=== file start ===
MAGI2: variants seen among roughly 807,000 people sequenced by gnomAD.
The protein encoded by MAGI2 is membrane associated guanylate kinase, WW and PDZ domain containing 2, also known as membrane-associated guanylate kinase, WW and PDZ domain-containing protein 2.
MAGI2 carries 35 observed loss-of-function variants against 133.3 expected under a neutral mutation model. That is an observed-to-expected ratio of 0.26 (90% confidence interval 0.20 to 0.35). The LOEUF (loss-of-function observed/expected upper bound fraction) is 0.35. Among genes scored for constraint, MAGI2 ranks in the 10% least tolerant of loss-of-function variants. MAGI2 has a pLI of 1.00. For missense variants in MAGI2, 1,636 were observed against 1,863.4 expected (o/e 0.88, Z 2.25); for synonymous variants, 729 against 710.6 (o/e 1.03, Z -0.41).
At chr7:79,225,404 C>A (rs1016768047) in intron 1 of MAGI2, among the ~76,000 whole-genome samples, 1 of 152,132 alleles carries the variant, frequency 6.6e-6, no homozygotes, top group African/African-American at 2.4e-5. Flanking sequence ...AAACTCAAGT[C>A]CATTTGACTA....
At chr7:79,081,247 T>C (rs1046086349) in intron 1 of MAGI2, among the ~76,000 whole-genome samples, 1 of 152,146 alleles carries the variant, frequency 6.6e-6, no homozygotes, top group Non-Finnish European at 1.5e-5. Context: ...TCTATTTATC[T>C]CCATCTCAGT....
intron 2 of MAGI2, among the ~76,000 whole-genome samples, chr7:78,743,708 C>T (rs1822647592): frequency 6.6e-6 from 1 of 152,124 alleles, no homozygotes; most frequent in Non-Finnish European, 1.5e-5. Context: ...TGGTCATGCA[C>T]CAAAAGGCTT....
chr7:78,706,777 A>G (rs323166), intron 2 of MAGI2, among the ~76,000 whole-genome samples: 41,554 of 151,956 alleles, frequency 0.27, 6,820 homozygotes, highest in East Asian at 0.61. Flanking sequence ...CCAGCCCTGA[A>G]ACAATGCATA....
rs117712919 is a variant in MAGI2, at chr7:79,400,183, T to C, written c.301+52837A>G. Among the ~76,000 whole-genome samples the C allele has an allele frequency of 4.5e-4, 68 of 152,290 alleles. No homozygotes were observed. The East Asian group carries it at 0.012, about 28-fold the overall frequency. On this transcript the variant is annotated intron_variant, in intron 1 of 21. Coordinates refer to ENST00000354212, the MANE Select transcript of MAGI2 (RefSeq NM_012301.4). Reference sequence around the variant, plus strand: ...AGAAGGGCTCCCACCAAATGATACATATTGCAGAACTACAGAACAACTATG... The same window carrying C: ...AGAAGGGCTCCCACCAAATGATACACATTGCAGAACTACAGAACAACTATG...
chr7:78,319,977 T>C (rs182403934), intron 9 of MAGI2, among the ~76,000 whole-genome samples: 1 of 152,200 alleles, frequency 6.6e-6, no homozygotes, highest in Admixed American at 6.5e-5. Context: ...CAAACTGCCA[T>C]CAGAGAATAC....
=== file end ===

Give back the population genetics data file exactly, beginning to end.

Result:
MAGI2: variants seen among roughly 807,000 people sequenced by gnomAD.
The protein encoded by MAGI2 is membrane associated guanylate kinase, WW and PDZ domain containing 2, also known as membrane-associated guanylate kinase, WW and PDZ domain-containing protein 2.
MAGI2 carries 35 observed loss-of-function variants against 133.3 expected under a neutral mutation model. That is an observed-to-expected ratio of 0.26 (90% confidence interval 0.20 to 0.35). The LOEUF (loss-of-function observed/expected upper bound fraction) is 0.35. Among genes scored for constraint, MAGI2 ranks in the 10% least tolerant of loss-of-function variants. MAGI2 has a pLI of 1.00. For missense variants in MAGI2, 1,636 were observed against 1,863.4 expected (o/e 0.88, Z 2.25); for synonymous variants, 729 against 710.6 (o/e 1.03, Z -0.41).
At chr7:79,225,404 C>A (rs1016768047) in intron 1 of MAGI2, among the ~76,000 whole-genome samples, 1 of 152,132 alleles carries the variant, frequency 6.6e-6, no homozygotes, top group African/African-American at 2.4e-5. Flanking sequence ...AAACTCAAGT[C>A]CATTTGACTA....
At chr7:79,081,247 T>C (rs1046086349) in intron 1 of MAGI2, among the ~76,000 whole-genome samples, 1 of 152,146 alleles carries the variant, frequency 6.6e-6, no homozygotes, top group Non-Finnish European at 1.5e-5. Context: ...TCTATTTATC[T>C]CCATCTCAGT....
intron 2 of MAGI2, among the ~76,000 whole-genome samples, chr7:78,743,708 C>T (rs1822647592): frequency 6.6e-6 from 1 of 152,124 alleles, no homozygotes; most frequent in Non-Finnish European, 1.5e-5. Context: ...TGGTCATGCA[C>T]CAAAAGGCTT....
chr7:78,706,777 A>G (rs323166), intron 2 of MAGI2, among the ~76,000 whole-genome samples: 41,554 of 151,956 alleles, frequency 0.27, 6,820 homozygotes, highest in East Asian at 0.61. Flanking sequence ...CCAGCCCTGA[A>G]ACAATGCATA....
rs117712919 is a variant in MAGI2, at chr7:79,400,183, T to C, written c.301+52837A>G. Among the ~76,000 whole-genome samples the C allele has an allele frequency of 4.5e-4, 68 of 152,290 alleles. No homozygotes were observed. The East Asian group carries it at 0.012, about 28-fold the overall frequency. On this transcript the variant is annotated intron_variant, in intron 1 of 21. Coordinates refer to ENST00000354212, the MANE Select transcript of MAGI2 (RefSeq NM_012301.4). Reference sequence around the variant, plus strand: ...AGAAGGGCTCCCACCAAATGATACATATTGCAGAACTACAGAACAACTATG... The same window carrying C: ...AGAAGGGCTCCCACCAAATGATACACATTGCAGAACTACAGAACAACTATG...
chr7:78,319,977 T>C (rs182403934), intron 9 of MAGI2, among the ~76,000 whole-genome samples: 1 of 152,200 alleles, frequency 6.6e-6, no homozygotes, highest in Admixed American at 6.5e-5. Context: ...CAAACTGCCA[T>C]CAGAGAATAC....